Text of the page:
Next to the network complexity, there is another challenge faced by stakeholders. The challenge is dealing with cascading effect of the disruptions. A disruption in a node or an edge may result in a production disruption, which results in delays in satisfying the demands or profit loss. Therefore, it is crucial for stakeholders to deal with disruptions not only because of the direct consequences, but also due to the second-order, third-order, ... effects of the disruptions, which are called indirect consequences. So, formulating the dependencies between the direct and indirect consequences mathematically, and use it in developing the optimization model is another challenge in this project. After the mathematical formulation, algorithms need to be developed to handle the new optimization problems.
You, as a successful applicant, will perform the PhD project outlined above in an international team and in close collaboration with industry. The research will be concluded with a PhD thesis. You will be supervised by dr. Ahmadreza Marandi and prof.dr. Ton de Kok. A small teaching load is part of the job.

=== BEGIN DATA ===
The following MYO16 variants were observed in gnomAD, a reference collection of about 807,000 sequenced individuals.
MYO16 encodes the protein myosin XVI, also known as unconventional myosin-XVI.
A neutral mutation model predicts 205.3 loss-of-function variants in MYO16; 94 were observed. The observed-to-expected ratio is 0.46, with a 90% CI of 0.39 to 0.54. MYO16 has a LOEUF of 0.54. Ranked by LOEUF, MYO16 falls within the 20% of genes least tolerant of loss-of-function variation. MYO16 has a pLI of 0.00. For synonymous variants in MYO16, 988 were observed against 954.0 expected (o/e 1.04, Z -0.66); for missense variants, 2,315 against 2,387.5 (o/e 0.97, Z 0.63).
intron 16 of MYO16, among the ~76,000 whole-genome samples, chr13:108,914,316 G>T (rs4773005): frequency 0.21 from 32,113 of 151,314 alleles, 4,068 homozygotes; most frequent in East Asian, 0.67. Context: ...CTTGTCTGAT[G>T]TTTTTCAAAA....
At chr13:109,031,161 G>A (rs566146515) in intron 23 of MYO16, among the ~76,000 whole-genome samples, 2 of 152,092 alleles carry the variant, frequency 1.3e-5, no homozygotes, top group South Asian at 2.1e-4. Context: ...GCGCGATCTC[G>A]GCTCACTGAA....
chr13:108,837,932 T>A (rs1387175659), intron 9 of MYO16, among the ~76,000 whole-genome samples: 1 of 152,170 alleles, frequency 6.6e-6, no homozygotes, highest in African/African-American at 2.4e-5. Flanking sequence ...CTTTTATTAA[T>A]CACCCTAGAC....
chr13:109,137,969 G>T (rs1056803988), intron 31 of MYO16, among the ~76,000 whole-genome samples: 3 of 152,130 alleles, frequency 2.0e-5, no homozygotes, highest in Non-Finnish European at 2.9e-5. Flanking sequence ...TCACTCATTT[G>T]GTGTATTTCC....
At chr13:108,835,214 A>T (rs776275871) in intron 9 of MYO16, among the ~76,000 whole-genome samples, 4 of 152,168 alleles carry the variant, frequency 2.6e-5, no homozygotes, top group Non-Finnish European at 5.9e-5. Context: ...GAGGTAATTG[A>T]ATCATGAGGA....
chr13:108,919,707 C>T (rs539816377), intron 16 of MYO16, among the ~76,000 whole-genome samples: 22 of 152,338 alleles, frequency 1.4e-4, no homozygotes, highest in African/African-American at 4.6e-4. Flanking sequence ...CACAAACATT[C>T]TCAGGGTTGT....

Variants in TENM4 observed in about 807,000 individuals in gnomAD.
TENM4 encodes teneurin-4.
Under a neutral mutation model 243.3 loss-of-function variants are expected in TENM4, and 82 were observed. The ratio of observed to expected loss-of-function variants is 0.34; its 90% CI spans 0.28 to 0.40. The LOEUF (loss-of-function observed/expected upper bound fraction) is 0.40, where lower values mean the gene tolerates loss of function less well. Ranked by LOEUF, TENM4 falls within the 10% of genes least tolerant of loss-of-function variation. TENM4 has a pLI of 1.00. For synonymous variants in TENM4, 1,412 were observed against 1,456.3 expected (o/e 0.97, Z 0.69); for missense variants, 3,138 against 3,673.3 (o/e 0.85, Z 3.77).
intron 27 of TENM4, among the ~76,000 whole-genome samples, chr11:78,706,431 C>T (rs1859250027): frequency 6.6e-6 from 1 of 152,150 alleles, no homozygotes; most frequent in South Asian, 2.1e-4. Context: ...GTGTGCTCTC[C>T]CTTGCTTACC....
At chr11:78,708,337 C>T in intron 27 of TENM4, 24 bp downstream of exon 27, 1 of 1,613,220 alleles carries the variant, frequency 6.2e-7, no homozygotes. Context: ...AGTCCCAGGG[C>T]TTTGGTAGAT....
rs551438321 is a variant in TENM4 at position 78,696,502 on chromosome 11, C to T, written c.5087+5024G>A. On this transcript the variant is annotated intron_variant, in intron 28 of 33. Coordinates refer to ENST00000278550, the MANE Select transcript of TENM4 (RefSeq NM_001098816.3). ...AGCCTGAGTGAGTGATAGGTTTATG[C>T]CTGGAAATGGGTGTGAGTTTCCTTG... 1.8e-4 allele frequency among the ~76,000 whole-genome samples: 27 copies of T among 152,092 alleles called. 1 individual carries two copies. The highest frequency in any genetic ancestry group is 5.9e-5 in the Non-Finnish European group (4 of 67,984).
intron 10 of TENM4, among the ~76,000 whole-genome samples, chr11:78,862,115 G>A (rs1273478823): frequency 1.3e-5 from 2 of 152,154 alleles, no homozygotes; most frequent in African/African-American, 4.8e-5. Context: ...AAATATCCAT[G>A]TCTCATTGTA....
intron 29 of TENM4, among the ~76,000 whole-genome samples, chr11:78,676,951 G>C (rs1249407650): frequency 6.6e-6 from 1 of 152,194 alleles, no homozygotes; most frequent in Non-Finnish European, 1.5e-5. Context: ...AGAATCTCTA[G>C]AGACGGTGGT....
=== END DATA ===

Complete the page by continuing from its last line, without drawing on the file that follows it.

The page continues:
More information about the job itself can be obtained from prof.dr. Ton de Kok at a.g.d.kok[at] tue.nl. Information about terms of employment can be obtained from Mrs. Susan Opgenoorth, HR advisor, at pz.ieis[at]tue.nl
Your application must contain the following documents (all in English):
The deadline for applications is 15 March 2020. However, if you are interested, we invite you to apply as soon possible. Selection will begin immediately and continue until the position has been filled.
Please use the apply "now button" and do not send us applications by e-mail. Note that you will have to combine all documents to 1 document before you can upload it.